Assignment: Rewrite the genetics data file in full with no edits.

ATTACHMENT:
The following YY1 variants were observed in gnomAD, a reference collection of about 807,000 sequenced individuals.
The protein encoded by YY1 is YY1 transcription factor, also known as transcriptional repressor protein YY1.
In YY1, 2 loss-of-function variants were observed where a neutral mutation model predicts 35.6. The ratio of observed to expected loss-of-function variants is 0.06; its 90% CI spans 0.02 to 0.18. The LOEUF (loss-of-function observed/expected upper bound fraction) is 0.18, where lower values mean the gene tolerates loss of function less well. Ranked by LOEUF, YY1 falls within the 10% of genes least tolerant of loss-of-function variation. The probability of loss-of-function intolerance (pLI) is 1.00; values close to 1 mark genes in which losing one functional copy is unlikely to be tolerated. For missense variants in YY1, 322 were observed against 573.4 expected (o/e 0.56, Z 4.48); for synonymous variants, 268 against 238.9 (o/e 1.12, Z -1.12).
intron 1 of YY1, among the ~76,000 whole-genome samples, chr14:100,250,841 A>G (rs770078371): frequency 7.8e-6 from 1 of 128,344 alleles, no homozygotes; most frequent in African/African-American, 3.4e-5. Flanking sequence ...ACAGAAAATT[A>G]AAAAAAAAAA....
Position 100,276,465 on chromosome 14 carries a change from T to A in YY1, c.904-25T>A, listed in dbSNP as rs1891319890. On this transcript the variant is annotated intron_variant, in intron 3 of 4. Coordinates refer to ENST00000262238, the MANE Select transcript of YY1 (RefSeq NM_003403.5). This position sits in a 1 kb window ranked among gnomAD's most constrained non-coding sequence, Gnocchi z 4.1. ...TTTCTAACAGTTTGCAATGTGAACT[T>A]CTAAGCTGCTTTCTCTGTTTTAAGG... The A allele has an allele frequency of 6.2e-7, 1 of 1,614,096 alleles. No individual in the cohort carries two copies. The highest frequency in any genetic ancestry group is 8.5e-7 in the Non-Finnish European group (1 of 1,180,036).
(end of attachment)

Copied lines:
The following YY1 variants were observed in gnomAD, a reference collection of about 807,000 sequenced individuals.
The protein encoded by YY1 is YY1 transcription factor, also known as transcriptional repressor protein YY1.
In YY1, 2 loss-of-function variants were observed where a neutral mutation model predicts 35.6. The ratio of observed to expected loss-of-function variants is 0.06; its 90% CI spans 0.02 to 0.18. The LOEUF (loss-of-function observed/expected upper bound fraction) is 0.18, where lower values mean the gene tolerates loss of function less well. Ranked by LOEUF, YY1 falls within the 10% of genes least tolerant of loss-of-function variation. The probability of loss-of-function intolerance (pLI) is 1.00; values close to 1 mark genes in which losing one functional copy is unlikely to be tolerated. For missense variants in YY1, 322 were observed against 573.4 expected (o/e 0.56, Z 4.48); for synonymous variants, 268 against 238.9 (o/e 1.12, Z -1.12).
intron 1 of YY1, among the ~76,000 whole-genome samples, chr14:100,250,841 A>G (rs770078371): frequency 7.8e-6 from 1 of 128,344 alleles, no homozygotes; most frequent in African/African-American, 3.4e-5. Flanking sequence ...ACAGAAAATT[A>G]AAAAAAAAAA....
Position 100,276,465 on chromosome 14 carries a change from T to A in YY1, c.904-25T>A, listed in dbSNP as rs1891319890. On this transcript the variant is annotated intron_variant, in intron 3 of 4. Coordinates refer to ENST00000262238, the MANE Select transcript of YY1 (RefSeq NM_003403.5). This position sits in a 1 kb window ranked among gnomAD's most constrained non-coding sequence, Gnocchi z 4.1. ...TTTCTAACAGTTTGCAATGTGAACT[T>A]CTAAGCTGCTTTCTCTGTTTTAAGG... The A allele has an allele frequency of 6.2e-7, 1 of 1,614,096 alleles. No individual in the cohort carries two copies. The highest frequency in any genetic ancestry group is 8.5e-7 in the Non-Finnish European group (1 of 1,180,036).